Holsboer et al. have advocated the use of the dexamethasone/CRH test as a more sensitive and informative means of evaluating HPA dysregulation in human subjects.46-48 The test involves oral administration of a single dose of dexamethasone 1.5 mg at 11:00 p.m., followed the next day at 3:00 p.m. by an intravenous bolus of CRH 100 µg. Whereas previous studies using the CRH stimulus alone had found blunted ACTH responses in depressed patients, use of the dexamethasone/CRH test results in exaggerated ACTH responses in depressed patients compared with healthy controls. Similarly, the cortisol response after the dexamethasone/CRH test is much greater than following a challenge with CRH alone.49 These findings are hypothesized to reflect the preferential action of dexamethasone at the pituitary to suppress ACTH, resulting in decreased cortisol levels and failure of the pituitary to compensate for this, in turn resulting in increased release of CRH and vasopressin more centrally in an effort to enhance ACTH secretion.

Certainly, use of a variety of investigative approaches has yielded complementary insights into the relationship between HPA axis dysfunction and depressive illness. For example, studies using serial administration of the standard dexamethasone suppression test (DST) have shown that, in patients with cortisol nonsuppression, normalization of HPA axis function is necessary for clinical remission to become manifest during antidepressant treatment.6,49 Similarly, CSF studies have demonstrated elevated levels of CRH in depressed patients compared with control subjects, with clinical remission during antidepressant treatment associated with a decrease in CSF CRH down to the levels seen in controls.50 The combined dexamethasone/CRH test has proven particularly useful as a predictor of increased risk for relapse.51 For example, Zobel et al52,53 evaluated a sample of 74 depressed patients in a follow-up study six months after hospital discharge, of whom 61 remained stable and 13 relapsed. The dexamethasone/CRH test had been administered at admission and at discharge, in order to determine whether test results could predict clinical outcome. On admission, relapsers and non-relapsers did not differ on their maximal cortisol or ACTH responses, but prior to discharge the maximal cortisol and ACTH responses were significantly higher in the patients who subsequently relapsed at follow-up. The relative risk for relapse in the group with a high cortisol response at discharge was 4.32, i.e., a four-fold risk than in patients with a normal cortisol response to dexamethasone/CRH.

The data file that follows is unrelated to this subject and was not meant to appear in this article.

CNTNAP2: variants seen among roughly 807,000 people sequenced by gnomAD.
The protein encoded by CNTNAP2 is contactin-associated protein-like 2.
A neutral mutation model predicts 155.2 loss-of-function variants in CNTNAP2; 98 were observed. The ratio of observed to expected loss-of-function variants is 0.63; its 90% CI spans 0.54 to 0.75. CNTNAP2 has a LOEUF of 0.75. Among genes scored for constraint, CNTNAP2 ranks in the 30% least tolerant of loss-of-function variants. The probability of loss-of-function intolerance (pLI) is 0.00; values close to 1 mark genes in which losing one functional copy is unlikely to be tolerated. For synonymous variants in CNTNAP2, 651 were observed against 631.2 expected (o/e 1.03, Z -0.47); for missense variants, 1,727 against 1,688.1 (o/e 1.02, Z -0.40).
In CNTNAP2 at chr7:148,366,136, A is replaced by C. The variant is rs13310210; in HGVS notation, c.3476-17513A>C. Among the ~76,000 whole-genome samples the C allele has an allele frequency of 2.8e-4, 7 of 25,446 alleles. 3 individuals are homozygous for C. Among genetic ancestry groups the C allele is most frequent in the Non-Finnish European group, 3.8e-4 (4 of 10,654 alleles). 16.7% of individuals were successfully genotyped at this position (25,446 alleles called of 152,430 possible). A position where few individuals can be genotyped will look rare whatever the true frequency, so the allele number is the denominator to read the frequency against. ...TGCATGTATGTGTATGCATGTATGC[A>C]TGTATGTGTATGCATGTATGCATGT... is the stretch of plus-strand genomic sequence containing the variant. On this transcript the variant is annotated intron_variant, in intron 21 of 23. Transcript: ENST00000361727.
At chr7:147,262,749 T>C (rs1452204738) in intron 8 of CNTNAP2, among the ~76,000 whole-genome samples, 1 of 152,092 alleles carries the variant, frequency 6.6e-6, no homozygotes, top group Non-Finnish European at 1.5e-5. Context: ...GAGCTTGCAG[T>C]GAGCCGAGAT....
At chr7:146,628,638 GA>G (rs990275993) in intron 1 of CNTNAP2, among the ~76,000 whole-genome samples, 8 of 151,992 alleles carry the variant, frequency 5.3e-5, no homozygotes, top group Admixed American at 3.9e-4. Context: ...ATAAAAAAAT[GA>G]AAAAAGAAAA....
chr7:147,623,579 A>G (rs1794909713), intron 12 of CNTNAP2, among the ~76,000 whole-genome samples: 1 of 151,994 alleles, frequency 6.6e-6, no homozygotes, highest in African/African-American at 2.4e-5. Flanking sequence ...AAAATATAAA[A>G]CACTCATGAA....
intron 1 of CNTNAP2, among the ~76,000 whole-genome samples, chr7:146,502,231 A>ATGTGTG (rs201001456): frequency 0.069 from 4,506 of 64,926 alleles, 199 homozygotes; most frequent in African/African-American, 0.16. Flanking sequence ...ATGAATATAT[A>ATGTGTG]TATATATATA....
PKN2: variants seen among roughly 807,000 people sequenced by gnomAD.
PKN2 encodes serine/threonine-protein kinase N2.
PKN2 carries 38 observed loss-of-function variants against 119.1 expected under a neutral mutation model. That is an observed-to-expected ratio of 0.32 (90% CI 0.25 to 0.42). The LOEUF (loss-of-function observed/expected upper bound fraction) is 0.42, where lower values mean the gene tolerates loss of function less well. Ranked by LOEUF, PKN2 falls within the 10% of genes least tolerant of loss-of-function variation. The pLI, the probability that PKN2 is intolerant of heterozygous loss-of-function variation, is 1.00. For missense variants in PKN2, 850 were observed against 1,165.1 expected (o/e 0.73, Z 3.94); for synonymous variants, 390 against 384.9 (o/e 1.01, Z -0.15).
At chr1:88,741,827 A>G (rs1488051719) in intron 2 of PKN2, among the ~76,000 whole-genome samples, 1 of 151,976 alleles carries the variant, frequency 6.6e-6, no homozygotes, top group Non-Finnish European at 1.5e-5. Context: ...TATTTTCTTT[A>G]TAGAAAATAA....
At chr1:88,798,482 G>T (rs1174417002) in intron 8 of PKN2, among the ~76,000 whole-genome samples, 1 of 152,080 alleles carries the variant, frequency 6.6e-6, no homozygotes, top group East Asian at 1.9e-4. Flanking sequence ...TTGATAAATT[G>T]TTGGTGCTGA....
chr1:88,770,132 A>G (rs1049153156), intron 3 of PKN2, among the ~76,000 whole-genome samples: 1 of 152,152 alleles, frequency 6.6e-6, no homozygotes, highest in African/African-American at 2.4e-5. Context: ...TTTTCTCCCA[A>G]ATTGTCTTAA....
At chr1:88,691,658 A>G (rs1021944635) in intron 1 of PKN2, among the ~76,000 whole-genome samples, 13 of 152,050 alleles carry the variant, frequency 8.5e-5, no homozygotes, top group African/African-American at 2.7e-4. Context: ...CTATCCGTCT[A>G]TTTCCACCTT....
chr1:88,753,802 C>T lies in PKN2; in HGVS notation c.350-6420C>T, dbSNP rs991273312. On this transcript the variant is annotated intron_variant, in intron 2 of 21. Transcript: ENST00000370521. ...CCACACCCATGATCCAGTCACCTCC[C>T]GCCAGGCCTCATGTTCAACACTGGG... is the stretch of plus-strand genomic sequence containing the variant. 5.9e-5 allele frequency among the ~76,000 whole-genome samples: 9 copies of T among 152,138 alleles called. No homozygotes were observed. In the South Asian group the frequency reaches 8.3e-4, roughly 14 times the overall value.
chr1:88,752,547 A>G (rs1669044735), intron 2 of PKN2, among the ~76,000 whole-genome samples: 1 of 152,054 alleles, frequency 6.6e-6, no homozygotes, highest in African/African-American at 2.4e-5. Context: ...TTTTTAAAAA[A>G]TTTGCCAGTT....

Conclusion

Early investigators believed that the HPA axis hyperactivity of depression was little more than a manifestation of the classic stress response. Subsequent authorities viewed this phenomenon as a somewhat unique, but state-dependent, feature of the illness itself. In contrast, the more recent studies reviewed here suggest that the prominence of HPA axis hyperactivity in adults with depressive and anxiety disorders may constitute a link between the occurrence of adversity in childhood and the development of adult psychopathology. The prognostic significance of continued HPA axis dysregulation in the face of adequate treatment suggests that this phenomenon may well represent a fairly central pathophysiological, and perhaps etiological, process in depression.